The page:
746
108
I bit the bullet recently, had a trip to Japan planned and for a while I have been feeling not too enthusiastic about lugging my 5 series SLR and lens around with me, even for day trips in my town and for a few years now Ive been feeling it was having a negative impact on my photography, so have been eyeing mirrorless for a while but wasn't impressed with EVF offerings at the time and they all seemed a bit too dinky back in day.

I have a 5D MkIII after owning all previous 5 series but hesitated with the MkIV due to cost as I am not a professional, but was watching the price each month anyway. I guess the upgrade itch was there in the background. The EOS R was released at an attractive price point, I felt the EOS 5D range was starting to get a bit carried away after the original. The initial negative reaction to the EOS R specs, didnt impact me too much, I don't shoot video and in all my 10+ years I have not needed to use a backup memory card slot. I felt a bit more cautious about the lower spec weather sealing however. So overall it felt a good time to upgrade especially with the revolution of the RF mount. I bought the EOS R during my trip and plan to sell my 5 series and EF lenses to recoup the cost. I paired the EOS R with a 50mm 1.4 EF via Canon adapter and later the 35mm RF (it was released later in my holiday so had to buy both).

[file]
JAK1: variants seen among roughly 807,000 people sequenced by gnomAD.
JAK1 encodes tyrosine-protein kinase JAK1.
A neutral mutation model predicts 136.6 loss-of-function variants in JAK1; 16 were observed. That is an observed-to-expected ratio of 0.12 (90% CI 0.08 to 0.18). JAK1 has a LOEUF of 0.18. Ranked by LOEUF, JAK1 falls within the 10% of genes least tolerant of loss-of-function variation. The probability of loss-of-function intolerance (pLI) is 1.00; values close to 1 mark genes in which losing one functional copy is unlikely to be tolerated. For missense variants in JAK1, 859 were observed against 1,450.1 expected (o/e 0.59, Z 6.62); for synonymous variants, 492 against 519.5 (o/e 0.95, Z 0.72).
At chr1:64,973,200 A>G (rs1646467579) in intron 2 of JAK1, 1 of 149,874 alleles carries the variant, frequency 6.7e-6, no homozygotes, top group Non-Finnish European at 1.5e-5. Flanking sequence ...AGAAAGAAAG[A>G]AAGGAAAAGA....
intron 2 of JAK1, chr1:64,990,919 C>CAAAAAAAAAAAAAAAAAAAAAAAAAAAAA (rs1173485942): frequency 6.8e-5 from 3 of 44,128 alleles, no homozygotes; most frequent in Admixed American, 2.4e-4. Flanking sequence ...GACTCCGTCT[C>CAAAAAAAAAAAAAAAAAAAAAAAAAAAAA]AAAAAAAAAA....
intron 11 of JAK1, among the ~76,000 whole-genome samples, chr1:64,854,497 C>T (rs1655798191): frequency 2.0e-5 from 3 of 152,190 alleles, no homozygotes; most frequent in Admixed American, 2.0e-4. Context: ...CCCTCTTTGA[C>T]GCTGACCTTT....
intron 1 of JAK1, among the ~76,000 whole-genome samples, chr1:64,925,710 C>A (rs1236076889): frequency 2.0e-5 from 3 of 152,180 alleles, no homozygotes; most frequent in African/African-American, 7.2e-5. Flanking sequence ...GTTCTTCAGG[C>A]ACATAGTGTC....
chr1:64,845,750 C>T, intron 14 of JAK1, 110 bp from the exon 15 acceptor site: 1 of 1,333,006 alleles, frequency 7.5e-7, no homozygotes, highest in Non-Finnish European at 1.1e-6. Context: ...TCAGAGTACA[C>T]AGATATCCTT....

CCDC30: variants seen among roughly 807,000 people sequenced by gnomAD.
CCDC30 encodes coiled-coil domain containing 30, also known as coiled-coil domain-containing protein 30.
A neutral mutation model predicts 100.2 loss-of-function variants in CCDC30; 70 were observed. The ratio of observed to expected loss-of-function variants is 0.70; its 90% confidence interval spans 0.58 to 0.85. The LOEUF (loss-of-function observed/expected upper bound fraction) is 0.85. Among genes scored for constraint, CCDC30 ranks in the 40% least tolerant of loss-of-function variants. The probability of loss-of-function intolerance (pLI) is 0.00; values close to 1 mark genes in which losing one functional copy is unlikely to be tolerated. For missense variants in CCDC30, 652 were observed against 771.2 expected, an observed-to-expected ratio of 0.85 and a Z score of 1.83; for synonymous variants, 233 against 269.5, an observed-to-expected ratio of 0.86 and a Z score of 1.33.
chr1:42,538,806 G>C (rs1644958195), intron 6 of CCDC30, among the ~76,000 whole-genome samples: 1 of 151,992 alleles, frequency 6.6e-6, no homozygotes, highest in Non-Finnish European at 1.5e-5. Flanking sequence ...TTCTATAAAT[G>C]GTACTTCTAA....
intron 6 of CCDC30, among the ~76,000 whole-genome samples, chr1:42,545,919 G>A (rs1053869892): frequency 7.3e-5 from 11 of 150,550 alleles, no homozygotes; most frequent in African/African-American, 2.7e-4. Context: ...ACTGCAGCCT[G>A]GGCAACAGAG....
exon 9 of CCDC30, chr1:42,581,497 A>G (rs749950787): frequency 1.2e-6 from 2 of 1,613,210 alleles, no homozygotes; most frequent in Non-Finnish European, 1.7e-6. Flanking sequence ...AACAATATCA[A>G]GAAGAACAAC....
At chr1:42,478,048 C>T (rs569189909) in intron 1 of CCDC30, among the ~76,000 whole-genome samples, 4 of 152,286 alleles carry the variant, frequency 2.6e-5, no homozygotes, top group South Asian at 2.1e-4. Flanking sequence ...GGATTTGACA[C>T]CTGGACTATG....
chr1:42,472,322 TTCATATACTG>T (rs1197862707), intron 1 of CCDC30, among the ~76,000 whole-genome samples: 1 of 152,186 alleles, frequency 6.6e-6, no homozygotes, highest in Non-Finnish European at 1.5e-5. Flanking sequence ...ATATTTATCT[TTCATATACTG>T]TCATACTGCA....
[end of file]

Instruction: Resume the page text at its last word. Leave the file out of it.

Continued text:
First thought when doing a trial in the shop (but had sort of made my mind up already so would have to be pretty bad to put me off) was the EVF was pretty and attractive but with a noticeable queasy lag when panning, I guessed the indoor low light was causing it (later discovered you can trade battery for EVF responsiveness). And wow the EVF displaying the preview really messes with your head, especially while walking! I turned that off eventually too.